Call him the New Orleans Saints’ salary cap guru, wizard, maven, whatever you like: Khai Harley has earned a ton of credit for changing how teams circumvent the NFL’s spending rules to maximize their resources. Now entering his 14th year with New Orleans, the Saints’ vice president of football administration has been their secret weapon.
His bio on the official team website lists his responsibilities as working, “in conjunction with the player personnel department, making player acquisitions fit within the salary cap structure,” as well as, “contract negotiations, coordinating different areas of football operations, roster management and other administrative functions of running the club.”
He’s the one who has popularized contract restructures across the NFL, empowered by general manager Mickey Loomis to navigate the complicated language in the league’s Collective Bargaining Agreement. Remember, these are not pay cuts. It’s a conversion of a player’s base salary (well, most of it, typically up to the NFL-required minimum) into a signing bonus that is prorated over the years remaining on that contract. The player gets his money immediately, while the team doesn’t have to pay the bill until later. Both sides win so long as the team’s owner is fine with writing more checks and the player remains healthy and productive.
To be clear, Harley didn’t invent that maneuver: Tom Brady memorably agreed to a contract restructure in 2007 to facilitate the New England Patriots’ trade for superstar wide receiver Randy Moss. What Harley did innovate was the use of automatically voided years, or “ghost years” as fans have termed them. Teams have included options in contracts for decades, usually triggered on, say, the third or fifth day of the league’s fiscal year, and some players had void years written into their deals based on performance (C.J. Spiller and Curtis Lofton each had this clause), but the idea of a ghost year wasn’t really a thing until Harley began writing them into contracts with Brees, Dannell Ellerbe, and Nick Fairley in 2016. Philadelphia Eagles executive vice president/general manager Howie Roseman has garnered a reputation for also using void years with abandon, but he didn’t pick up the trend until 2017 in deals with Nick Foles and Chris Long.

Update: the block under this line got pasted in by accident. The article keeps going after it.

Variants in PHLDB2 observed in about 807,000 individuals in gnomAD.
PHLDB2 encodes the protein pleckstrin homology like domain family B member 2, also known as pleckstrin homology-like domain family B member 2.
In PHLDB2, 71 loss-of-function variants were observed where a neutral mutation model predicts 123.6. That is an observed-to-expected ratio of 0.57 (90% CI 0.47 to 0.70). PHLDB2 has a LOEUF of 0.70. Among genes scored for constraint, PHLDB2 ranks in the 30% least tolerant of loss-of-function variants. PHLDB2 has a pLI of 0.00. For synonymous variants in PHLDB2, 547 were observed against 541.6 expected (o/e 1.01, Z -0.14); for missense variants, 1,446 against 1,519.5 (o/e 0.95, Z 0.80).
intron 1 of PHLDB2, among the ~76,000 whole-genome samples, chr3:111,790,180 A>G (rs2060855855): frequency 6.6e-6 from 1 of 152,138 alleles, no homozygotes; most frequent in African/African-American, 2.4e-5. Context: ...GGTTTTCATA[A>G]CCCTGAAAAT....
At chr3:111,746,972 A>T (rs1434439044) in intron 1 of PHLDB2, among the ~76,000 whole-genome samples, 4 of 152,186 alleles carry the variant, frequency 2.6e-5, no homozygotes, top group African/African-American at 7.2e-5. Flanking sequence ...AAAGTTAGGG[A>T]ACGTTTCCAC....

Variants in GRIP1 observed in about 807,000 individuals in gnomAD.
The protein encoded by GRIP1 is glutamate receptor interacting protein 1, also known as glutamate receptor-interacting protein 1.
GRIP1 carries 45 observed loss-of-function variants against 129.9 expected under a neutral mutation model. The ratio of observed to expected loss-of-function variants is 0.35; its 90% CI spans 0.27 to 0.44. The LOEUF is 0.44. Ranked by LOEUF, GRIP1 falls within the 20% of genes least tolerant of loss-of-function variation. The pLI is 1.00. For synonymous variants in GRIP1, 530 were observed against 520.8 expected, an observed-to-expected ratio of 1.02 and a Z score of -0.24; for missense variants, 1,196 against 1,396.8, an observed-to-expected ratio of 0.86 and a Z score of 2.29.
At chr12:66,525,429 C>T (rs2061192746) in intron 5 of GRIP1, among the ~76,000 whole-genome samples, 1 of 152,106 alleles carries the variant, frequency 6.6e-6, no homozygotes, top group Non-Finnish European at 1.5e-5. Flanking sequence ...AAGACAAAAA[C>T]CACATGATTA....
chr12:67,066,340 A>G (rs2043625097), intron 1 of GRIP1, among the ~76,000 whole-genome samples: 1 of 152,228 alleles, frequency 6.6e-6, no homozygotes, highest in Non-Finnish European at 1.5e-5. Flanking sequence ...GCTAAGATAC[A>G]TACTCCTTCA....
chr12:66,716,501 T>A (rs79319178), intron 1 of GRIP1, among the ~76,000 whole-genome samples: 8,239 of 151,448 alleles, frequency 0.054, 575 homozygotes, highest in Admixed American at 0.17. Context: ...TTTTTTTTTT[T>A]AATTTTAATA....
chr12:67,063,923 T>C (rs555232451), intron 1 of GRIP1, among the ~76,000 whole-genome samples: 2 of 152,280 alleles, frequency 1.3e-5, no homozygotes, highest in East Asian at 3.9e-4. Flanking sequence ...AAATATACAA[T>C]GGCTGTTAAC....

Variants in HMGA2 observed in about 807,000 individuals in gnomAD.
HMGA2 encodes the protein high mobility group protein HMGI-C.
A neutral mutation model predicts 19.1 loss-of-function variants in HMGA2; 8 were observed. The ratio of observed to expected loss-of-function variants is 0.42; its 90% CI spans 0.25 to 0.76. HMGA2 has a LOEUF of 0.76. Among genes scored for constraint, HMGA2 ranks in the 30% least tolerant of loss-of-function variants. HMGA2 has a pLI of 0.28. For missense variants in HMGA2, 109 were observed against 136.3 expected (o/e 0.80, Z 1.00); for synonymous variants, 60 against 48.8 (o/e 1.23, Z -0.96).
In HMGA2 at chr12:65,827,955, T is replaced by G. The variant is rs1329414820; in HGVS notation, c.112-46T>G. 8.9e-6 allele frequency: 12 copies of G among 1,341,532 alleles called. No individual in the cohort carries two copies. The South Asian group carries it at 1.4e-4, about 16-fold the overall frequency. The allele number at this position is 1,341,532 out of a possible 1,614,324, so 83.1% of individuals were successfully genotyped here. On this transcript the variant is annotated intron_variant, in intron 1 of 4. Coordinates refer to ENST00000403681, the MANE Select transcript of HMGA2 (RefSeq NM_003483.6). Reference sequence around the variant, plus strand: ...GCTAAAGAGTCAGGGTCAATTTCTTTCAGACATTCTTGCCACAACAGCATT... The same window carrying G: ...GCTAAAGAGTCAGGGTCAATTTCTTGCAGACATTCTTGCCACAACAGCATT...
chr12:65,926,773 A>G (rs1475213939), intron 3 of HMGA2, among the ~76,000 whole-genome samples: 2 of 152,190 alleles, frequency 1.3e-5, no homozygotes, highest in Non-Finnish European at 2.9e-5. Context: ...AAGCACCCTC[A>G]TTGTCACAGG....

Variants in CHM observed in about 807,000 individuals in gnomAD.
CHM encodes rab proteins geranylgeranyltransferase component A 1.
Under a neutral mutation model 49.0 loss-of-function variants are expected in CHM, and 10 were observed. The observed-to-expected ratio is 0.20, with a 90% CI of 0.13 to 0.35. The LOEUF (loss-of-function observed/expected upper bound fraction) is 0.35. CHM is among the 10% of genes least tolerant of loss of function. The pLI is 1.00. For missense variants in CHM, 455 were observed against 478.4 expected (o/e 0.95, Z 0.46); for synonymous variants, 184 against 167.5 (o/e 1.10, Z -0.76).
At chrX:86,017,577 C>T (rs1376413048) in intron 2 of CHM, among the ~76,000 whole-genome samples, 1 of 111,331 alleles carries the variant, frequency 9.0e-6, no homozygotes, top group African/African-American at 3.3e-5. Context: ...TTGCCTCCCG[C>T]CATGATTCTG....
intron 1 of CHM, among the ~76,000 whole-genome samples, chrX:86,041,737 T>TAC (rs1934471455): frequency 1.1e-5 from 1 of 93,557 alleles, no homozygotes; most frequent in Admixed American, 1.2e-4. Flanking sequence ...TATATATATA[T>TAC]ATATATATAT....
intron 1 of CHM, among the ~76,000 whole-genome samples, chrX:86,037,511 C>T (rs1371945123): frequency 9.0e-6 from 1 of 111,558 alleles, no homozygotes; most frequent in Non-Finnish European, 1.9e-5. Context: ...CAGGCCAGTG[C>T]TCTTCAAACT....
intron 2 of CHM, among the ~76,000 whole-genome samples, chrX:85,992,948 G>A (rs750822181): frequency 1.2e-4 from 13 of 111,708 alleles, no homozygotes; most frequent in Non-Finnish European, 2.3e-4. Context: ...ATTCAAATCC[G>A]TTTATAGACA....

Ghost years allow teams to create more money out of nothing in the short term. For example, an $8 million signing bonus on a four-year deal would result in a prorated $2 million cap charge in each year (in addition to any salary guarantees). But if the last two years void automatically, the team would end up paying $4 million in “dead money” in the third year once the deal expired. The risk in restructuring an existing contract is that future cap hits (and potentially dead money owed) rise, despite the immediate savings.
Restructures, often with void years attached, have since become common operating procedure across the NFL, with Over The Cap’s Jason Fitzgerald found that nearly 55% of NFL teams completed a contract restructure at some point this offseason, with 37% of teams moving more than $6.5 million in restructured deals. And an even smaller number of rogue teams (roughly 20%), the Saints among them, moved $15 million or more.
For years restructuring contracts was seen as a perilous tool most often reserved for no-doubt quarterbacks like Brady and Ben Roethlisberger. Risk-averse, old-school executives like ex-Green Bay Packers vice president of finance Andrew Brandt continue to publicly rail against using them. Now more than half the league is using salary cap management techniques that Harley pioneered, most recently the Los Angeles Rams (who restructured their contract with right tackle Rob Havenstein on Saturday to write in two voidable years, creating more than $3 million in badly-needed cap space).